Equilibrium Sorption of Lead and Nickel from Solutions by Flame of the Forest (Delonix regia) Pods: Kinetics and Isothermic Study


Batch adsorption techniques were used to study the biosorption of Lead and Nickel from aqueous solutions by Flame of the forest pods. The effects of optimum pH, contact time, metal ion concentration, biosorbent dose, biosorbent particle size and the presence of sodium, calcium and magnesium interfering ions on the sorption were investigated. Experimental results showed that Delonix regia biomass was effective in removing these metals from aqueous solutions as the equilibrium biosorption of both metals was attained within 60 minutes of interaction with 98% of the metals removed within this period. Sorption of these metals was dependent on pH as maximum removal was attained at pH 4 and pH 5 for Lead and Nickel ions respectively. Adsorption experiments showed that the process followed the pseudo second order kinetic model with high r2 (0.9999) and the equilibrium data fitted well with Langmuir and Freundlich isotherm models. The presence of competing ions impacted negatively on the sorption process irrespective of the type used. 27% and 36% of lead (II) were recovered from the spent biosorbents with 1 MHCl and disodium salt of EDTA solutions respectively.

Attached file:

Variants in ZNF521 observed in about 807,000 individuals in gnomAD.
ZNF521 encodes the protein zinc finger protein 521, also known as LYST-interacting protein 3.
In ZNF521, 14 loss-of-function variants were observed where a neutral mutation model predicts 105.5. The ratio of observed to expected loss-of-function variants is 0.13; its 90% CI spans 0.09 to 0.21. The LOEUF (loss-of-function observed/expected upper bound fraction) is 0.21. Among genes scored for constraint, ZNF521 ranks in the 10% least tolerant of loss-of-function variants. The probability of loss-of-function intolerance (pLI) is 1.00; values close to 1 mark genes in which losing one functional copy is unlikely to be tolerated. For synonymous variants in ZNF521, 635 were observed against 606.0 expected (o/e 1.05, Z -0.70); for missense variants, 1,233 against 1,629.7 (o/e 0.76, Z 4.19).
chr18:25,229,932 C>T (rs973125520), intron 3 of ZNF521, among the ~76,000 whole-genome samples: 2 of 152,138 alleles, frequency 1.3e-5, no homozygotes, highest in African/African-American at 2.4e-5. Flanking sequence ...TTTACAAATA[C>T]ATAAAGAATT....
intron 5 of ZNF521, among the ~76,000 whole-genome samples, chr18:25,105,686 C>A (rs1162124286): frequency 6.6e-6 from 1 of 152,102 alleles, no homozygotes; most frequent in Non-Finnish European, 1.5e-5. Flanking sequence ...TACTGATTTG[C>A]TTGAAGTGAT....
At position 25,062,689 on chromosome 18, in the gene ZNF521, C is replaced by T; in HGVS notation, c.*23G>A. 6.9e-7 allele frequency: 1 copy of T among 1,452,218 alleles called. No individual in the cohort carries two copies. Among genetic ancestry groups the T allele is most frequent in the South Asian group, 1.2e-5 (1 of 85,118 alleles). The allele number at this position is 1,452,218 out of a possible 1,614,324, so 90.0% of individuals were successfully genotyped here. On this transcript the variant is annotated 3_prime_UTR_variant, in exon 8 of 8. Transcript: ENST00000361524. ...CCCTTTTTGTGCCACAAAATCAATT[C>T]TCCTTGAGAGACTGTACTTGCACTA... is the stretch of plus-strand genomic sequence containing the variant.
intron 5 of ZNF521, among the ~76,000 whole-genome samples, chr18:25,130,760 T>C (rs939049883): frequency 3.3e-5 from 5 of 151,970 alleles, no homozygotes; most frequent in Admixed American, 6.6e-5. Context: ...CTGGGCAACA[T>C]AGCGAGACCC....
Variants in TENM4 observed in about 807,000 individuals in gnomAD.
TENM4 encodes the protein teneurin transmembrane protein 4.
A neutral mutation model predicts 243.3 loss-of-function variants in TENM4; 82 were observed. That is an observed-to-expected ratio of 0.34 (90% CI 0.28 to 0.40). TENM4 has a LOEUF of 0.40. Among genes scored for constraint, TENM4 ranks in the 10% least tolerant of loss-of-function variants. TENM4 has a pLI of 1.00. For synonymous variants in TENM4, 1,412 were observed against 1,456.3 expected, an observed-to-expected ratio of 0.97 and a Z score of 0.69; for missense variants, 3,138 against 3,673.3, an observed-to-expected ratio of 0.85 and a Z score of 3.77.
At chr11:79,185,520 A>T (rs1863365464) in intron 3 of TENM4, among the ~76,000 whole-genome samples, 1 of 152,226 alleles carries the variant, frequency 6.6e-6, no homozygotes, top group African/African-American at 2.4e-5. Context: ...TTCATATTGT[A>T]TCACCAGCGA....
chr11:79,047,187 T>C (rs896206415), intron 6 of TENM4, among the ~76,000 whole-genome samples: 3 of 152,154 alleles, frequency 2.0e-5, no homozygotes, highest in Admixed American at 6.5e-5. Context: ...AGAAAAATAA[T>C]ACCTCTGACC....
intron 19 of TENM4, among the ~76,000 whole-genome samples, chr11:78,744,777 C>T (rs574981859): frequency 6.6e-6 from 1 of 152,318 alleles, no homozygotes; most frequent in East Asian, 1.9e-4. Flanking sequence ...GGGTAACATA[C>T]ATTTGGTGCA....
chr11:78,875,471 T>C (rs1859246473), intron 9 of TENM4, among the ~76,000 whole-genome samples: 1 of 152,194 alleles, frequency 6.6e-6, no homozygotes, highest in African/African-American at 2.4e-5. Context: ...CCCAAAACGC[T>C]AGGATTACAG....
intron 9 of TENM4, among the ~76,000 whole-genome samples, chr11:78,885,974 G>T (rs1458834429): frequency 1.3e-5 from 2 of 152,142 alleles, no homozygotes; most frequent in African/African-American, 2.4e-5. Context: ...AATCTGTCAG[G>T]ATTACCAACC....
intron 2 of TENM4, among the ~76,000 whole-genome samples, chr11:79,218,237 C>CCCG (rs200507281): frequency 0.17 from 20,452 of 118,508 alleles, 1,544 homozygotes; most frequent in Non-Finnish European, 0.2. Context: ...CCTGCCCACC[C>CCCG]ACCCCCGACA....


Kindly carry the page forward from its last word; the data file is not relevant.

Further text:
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A. Festus, O. Elvis and A. Morayo, "Equilibrium Sorption of Lead and Nickel from Solutions by Flame of the Forest (Delonix regia) Pods: Kinetics and Isothermic Study," Journal of Environmental Protection, Vol. 4 No. 3, 2013, pp. 261-269. doi: 10.4236/jep.2013.43031.

Conflicts of Interest

The authors declare no conflicts of interest.


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